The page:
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Comment now for National Old-growth Rule

Former FOC staff member Ashley Martens in front of a remarkable old-growth cedar in the Fish-Hungry Creek roadless area. Brett Haverstick photo.

Comment to Protect Ancient Forests – Due July 20th!

The Biden administration has opened a comment period on “forest service functions” that offers the public a chance to voice support for a rule protecting mature and old-growth forests (MOG) on public lands. It ends July 20th. This rule has yet to be written, so public input now could shape the rule.

Here is the question posed on the regulations.gov website:

Given that climate change and related stressors are resulting in increasing impacts with rapid and variable rates of change on national forests and grasslands, how should the Forest Service adapt current policies to protect, conserve, and manage the national forests and grasslands for climate resilience, so that the Agency can provide for ecological integrity and support social and economic sustainability over time?

FOC has been skeptical about the effectiveness of Biden’s executive orders on public forests and this potential rule-making, and this kind of vague language doesn’t help. Additionally, the USDA data used on the regulations.gov website misinform potential commenters on the greatest threat to MOG forests. That threat, more than fires, insects, or disease, is logging.

Logging, harvest, active management, thinning, restoration, regeneration, enhancement, call it what you want, but that’s why old-growth forests, and the species that depend on them, are so rare. Older forests have, on average, bigger trees with better wood for dimensional lumber, and continue to be targeted by the USFS for logging.

Old-growth forests are not a renewable resource. As indicated in the Friends of the Clearwater 2020 paper on old-growth management in the Northern Rockies, it takes a minimum of 150 years for old-growth stands to develop, and their benefit to wildlife is deeply tied to their acreage – an old-growth landscape must be protected, not just a few old trees. In the Clearwater Basin, between 30% to 50% of forests were old-growth prior to 1900, now it is likely under 10% on public lands and even worse on private lands.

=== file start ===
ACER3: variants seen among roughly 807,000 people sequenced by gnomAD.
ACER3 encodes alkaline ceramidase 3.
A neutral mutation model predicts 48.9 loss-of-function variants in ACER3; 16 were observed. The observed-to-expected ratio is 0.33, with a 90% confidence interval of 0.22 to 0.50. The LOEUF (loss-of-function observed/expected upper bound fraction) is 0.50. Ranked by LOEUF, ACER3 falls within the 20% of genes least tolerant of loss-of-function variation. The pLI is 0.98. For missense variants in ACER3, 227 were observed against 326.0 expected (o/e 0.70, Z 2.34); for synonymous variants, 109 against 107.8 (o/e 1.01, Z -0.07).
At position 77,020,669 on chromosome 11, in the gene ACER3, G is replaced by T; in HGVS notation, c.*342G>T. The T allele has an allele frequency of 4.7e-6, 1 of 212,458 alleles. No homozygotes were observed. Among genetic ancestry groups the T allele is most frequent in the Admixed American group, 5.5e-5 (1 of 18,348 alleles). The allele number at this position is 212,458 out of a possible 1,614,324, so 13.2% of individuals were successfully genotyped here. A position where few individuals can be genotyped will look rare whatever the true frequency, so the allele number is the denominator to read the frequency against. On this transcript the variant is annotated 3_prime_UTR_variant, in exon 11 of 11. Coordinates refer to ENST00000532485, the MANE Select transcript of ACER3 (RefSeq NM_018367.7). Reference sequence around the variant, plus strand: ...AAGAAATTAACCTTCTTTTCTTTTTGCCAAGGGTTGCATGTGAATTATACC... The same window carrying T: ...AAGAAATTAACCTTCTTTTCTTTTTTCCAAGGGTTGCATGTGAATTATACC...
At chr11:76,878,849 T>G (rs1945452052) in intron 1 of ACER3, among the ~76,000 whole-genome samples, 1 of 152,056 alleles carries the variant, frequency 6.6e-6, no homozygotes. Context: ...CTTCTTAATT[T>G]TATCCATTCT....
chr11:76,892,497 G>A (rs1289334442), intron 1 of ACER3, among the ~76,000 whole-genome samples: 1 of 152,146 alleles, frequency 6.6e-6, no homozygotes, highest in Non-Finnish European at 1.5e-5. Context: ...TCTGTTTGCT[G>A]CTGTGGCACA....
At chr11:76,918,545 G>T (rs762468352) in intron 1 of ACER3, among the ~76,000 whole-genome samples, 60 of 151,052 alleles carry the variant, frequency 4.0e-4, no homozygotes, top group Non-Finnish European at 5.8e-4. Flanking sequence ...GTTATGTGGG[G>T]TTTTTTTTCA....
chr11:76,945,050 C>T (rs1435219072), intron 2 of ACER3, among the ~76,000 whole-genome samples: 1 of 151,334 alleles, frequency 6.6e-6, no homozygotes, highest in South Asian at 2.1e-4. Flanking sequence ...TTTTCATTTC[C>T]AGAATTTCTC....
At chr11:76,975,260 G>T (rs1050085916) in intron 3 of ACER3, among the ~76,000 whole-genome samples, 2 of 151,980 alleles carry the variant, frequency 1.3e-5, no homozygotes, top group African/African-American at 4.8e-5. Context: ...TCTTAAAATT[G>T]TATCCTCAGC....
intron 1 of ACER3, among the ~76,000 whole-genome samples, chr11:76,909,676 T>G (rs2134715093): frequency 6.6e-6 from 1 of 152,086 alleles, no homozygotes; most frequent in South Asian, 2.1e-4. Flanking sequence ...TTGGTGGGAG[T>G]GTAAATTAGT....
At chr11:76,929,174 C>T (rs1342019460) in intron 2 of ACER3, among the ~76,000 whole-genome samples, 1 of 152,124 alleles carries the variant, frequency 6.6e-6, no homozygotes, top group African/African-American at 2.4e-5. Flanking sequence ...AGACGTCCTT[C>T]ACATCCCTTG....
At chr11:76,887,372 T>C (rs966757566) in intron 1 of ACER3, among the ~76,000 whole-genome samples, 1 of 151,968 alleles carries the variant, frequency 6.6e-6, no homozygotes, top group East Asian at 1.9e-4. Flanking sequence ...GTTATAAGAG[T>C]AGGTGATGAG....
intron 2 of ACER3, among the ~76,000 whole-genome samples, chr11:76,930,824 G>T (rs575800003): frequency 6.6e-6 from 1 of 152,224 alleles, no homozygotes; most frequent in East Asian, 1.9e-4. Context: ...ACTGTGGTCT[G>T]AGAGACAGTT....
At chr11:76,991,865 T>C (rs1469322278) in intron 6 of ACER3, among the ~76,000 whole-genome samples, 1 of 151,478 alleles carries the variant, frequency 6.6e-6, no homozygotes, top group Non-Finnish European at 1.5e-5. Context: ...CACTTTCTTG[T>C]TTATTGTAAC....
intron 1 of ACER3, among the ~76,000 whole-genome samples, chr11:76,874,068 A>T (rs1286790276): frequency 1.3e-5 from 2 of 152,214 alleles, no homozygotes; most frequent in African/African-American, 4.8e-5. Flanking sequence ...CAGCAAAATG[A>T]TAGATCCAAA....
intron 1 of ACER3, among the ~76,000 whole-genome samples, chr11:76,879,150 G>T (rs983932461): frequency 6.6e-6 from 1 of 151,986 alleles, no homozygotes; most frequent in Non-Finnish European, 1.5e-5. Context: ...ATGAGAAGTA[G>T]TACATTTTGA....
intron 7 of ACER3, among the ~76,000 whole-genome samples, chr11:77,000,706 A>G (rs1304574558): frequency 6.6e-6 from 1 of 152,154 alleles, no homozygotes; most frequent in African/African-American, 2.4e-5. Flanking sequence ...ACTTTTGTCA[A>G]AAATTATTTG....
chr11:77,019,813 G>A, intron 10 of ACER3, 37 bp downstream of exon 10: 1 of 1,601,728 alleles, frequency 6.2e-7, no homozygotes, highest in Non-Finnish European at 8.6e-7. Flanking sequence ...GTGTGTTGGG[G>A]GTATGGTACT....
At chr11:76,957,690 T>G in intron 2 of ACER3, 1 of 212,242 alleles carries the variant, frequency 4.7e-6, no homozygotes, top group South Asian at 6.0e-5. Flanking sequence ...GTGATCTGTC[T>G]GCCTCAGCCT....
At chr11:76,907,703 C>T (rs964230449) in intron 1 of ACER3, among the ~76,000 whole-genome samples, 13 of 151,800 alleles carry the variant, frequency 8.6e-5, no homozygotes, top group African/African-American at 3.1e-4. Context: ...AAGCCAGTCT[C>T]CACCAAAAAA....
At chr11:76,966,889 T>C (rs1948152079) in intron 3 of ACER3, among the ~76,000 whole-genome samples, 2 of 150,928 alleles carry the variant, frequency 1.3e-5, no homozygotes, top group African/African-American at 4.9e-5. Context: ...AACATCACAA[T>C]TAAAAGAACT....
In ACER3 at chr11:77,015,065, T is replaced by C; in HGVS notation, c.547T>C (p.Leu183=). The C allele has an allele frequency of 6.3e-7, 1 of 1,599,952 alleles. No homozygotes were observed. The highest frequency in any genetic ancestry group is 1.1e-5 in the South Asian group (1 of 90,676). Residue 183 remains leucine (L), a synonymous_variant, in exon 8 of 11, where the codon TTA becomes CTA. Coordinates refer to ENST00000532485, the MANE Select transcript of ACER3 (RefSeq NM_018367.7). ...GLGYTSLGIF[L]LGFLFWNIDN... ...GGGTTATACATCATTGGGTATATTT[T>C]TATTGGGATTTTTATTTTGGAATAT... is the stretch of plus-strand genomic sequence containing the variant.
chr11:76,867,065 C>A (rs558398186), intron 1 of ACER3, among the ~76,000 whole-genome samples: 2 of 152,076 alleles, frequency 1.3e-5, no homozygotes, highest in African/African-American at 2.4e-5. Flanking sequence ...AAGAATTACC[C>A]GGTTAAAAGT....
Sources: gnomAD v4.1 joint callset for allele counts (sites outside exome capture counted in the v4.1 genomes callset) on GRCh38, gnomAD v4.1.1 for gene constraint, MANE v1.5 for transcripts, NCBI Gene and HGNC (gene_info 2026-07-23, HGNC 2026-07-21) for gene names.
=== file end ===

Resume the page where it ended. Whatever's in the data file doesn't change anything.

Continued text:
So how should you comment?

1. Demand a rule to protect all old-growth forests on public land. Here are some details that we recommend:

  • Chainsaw-free. Demand no logging, thinning, or burning, of any kind, in mature and old-growth forests, including dubious ploys for “restoration”. Logging, at any intensity, does not reduce the likelihood of wildfire.
  • Livestock-free. Protecting delicate forest soils (where 50% of forest carbon is stored) can’t be overlooked. Livestock decrease carbon stored in soils. Allotments should be reduced and costs of grazing increased.
  • Connected. Emphasize that landscapes of mature forests, not just isolated stands, should be protected.
  • Fire-inclusive. Acknowledge the role that wildfire has in forests. While very large fires can shift a forest into a younger, re-growth cycle, most older forests are cooler, wetter, less windy, and therefore more resilient to wildfire. Logging, not fire, destroys most old-growth.
  • Enforced. Many forests (like the Nez Perce-Clearwater) already have requirements for old-growth habitat and inventories that are simply not being followed. How will the executive branch ensure this rule will be different?

    2. Encourage scientifically-supported climate-smart management. That would include:

    • Prioritize carbon sequestration. Multiple-use, as a policy, has focused on logging above all other uses for half a century. Forests can act as large-scale carbon reserves if protected from extraction, and that “use” must be the priority of climate-smart management.
    • End commercial logging on public lands. Logging is the largest source of carbon emissions on forests, far beyond fire.Older, unlogged forests hold way more carbon than logged forests.
    • Preserve Roadless integrity. A total end to developing roadless forests. Current loopholes in the National, Idaho, and Colorado Roadless Rules allow for logging and roadbuilding in inventoried roadless areas, which disproportionately support older, carbon-dense forests.
    • Keep biomass production off national forests. Biomass production is not carbon-neutral, it is extremely carbon intensive, even more so than traditional fossil fuels. Recent calls for this “green energy” are misplaced.

    The comment period has been extended until July 20th, 2023. Comment on regulations.gov here.